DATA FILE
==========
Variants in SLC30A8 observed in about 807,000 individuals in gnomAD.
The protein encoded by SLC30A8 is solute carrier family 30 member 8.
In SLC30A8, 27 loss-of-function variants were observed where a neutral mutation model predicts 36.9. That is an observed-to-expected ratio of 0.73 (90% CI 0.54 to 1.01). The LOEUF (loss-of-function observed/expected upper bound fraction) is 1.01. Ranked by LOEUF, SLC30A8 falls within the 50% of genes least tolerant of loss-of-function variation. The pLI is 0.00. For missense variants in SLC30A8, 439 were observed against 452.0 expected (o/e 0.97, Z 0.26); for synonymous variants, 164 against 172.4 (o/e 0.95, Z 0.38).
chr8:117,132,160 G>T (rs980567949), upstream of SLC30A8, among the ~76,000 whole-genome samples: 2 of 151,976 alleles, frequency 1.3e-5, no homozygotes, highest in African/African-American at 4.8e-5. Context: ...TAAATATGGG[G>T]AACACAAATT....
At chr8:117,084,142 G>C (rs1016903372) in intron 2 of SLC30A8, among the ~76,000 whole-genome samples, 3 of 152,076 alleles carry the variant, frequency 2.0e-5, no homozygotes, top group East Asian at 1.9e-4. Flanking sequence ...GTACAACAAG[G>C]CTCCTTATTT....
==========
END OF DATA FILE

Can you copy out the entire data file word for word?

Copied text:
Variants in SLC30A8 observed in about 807,000 individuals in gnomAD.
The protein encoded by SLC30A8 is solute carrier family 30 member 8.
In SLC30A8, 27 loss-of-function variants were observed where a neutral mutation model predicts 36.9. That is an observed-to-expected ratio of 0.73 (90% CI 0.54 to 1.01). The LOEUF (loss-of-function observed/expected upper bound fraction) is 1.01. Ranked by LOEUF, SLC30A8 falls within the 50% of genes least tolerant of loss-of-function variation. The pLI is 0.00. For missense variants in SLC30A8, 439 were observed against 452.0 expected (o/e 0.97, Z 0.26); for synonymous variants, 164 against 172.4 (o/e 0.95, Z 0.38).
chr8:117,132,160 G>T (rs980567949), upstream of SLC30A8, among the ~76,000 whole-genome samples: 2 of 151,976 alleles, frequency 1.3e-5, no homozygotes, highest in African/African-American at 4.8e-5. Context: ...TAAATATGGG[G>T]AACACAAATT....
At chr8:117,084,142 G>C (rs1016903372) in intron 2 of SLC30A8, among the ~76,000 whole-genome samples, 3 of 152,076 alleles carry the variant, frequency 2.0e-5, no homozygotes, top group East Asian at 1.9e-4. Flanking sequence ...GTACAACAAG[G>C]CTCCTTATTT....